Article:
Remembering Larry Rachleff, beloved conductor of Rice’s symphony and chamber orchestras

Headshot of Larry Rachleff

Larry Rachleff, the longtime conductor of the Rice Shepherd School of Music symphony and chamber orchestras who was renowned throughout the classical music world for his deep musical understanding, powerful interpretation of scores and rapport with performance ensembles, died Aug. 8 after a long battle with non-Hodgkin's lymphoma. He was 67.

Larry Rachleff headshot


“Those of us lucky enough to have followed his baton from the stage will remember Larry as a once-in-a-generation musician and educator of the highest caliber,” said Matthew Loden, the Lynette S. Autrey Dean of Music at the Shepherd School. “On the podium, he was a clear and inspired conductor who routinely expected his ensembles to collectively outperform individual talent and ability. Teamwork, disciplined listening and joint responsibility for bringing the best possible music to an audience are just a few of the legacies of excellence that Larry leaves behind.”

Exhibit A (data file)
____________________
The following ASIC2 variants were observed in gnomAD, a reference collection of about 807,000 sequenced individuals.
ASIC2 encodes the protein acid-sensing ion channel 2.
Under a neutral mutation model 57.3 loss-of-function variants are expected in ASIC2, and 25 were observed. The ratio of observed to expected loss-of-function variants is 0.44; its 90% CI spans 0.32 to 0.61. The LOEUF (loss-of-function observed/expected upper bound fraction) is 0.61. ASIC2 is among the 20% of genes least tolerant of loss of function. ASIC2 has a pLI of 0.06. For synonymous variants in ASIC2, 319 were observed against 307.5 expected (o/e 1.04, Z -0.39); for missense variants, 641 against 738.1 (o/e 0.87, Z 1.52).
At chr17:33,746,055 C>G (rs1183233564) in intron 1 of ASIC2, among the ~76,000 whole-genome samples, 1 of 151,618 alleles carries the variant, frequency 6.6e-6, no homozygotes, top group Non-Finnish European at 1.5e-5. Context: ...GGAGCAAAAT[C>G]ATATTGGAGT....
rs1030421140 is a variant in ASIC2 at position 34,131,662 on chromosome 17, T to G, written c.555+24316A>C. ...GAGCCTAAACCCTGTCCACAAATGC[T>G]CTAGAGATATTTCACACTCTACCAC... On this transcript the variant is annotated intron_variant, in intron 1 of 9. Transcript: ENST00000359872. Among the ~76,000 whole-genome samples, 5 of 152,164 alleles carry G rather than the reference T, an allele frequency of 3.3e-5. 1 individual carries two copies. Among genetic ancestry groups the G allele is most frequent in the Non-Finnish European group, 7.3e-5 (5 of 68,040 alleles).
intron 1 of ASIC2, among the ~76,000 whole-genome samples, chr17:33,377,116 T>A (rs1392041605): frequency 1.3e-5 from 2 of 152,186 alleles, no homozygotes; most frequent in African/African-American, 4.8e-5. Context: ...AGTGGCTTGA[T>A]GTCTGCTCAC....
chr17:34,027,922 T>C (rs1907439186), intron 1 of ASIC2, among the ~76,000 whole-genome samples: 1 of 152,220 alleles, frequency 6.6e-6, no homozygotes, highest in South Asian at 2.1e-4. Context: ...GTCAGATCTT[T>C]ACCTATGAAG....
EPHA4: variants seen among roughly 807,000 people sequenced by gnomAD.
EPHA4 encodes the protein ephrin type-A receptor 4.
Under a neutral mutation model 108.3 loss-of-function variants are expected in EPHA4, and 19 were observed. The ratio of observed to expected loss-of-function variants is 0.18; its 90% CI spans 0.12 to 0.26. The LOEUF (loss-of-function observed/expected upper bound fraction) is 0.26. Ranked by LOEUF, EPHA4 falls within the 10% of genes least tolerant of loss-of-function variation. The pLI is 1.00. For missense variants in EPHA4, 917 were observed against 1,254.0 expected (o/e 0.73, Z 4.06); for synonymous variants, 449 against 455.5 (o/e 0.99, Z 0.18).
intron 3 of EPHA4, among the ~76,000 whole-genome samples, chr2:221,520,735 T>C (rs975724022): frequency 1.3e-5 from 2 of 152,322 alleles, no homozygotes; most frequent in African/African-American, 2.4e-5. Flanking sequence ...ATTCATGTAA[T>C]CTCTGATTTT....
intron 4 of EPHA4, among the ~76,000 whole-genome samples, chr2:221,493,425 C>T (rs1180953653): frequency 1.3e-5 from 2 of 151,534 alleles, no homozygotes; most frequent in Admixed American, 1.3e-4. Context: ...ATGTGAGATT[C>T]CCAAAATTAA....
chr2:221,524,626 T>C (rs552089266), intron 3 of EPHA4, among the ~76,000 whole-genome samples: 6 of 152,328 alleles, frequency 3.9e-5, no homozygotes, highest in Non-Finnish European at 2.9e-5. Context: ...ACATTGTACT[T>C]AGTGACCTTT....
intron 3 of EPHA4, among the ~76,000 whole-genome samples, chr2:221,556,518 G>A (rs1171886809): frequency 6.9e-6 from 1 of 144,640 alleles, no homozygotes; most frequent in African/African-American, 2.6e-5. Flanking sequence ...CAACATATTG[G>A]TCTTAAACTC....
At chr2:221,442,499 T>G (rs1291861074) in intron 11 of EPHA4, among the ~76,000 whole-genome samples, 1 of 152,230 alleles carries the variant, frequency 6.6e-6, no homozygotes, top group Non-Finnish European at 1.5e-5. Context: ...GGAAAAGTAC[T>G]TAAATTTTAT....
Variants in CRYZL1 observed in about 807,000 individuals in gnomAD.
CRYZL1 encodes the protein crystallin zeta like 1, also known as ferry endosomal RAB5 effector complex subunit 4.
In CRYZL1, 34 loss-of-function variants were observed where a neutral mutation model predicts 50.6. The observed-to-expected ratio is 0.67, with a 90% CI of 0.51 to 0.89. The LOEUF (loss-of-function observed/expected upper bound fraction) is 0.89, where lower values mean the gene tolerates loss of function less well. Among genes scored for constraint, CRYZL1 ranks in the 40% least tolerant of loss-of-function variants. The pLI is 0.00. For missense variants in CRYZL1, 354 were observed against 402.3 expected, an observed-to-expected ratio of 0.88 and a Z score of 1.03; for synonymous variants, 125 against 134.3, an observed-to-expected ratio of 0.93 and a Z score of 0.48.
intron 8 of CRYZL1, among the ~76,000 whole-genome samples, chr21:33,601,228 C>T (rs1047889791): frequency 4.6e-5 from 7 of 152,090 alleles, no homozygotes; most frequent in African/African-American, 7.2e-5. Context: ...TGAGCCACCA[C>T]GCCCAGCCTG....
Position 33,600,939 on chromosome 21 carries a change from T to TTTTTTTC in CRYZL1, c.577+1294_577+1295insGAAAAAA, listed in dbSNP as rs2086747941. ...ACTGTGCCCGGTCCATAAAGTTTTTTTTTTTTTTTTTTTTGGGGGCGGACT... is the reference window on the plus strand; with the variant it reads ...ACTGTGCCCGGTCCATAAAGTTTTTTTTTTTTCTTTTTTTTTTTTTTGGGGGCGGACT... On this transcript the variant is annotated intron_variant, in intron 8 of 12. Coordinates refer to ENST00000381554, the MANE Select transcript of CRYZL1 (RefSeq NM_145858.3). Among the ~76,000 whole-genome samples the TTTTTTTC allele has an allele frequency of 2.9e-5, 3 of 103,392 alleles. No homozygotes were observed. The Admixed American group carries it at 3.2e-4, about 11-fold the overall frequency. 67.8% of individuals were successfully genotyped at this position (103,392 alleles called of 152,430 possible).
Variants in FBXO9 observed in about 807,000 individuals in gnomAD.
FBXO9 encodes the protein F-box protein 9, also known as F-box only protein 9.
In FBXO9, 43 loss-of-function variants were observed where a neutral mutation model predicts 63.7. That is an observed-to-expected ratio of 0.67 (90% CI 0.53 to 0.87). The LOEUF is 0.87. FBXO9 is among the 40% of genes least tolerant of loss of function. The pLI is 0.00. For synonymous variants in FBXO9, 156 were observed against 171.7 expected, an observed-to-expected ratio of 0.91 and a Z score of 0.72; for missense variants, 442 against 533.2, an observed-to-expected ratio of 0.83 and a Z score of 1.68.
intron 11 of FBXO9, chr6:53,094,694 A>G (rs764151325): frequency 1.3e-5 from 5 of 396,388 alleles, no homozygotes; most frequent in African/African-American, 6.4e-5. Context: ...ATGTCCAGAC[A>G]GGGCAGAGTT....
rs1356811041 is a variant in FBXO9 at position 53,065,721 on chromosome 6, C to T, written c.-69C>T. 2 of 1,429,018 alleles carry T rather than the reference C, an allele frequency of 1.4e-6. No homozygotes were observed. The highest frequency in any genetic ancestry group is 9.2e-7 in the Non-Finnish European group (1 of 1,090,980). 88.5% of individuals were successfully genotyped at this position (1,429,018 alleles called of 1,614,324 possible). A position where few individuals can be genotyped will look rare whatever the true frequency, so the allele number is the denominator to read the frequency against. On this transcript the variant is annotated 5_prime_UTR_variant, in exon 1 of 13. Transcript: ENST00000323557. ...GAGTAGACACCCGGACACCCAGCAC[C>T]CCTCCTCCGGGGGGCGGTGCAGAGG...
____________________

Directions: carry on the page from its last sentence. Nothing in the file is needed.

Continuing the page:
A ubiquitous presence at the Shepherd School for three decades, Rachleff, the Walter Kris Hubert Professor of Orchestral Conducting, had an immeasurable impact on the lives and careers of countless musicians. At Rice since 1991, Rachleff was revered as a dynamic, exacting maestro who expected – and elicited – the very best performance standards from his students and helped bring the Shepherd School to world-class standing.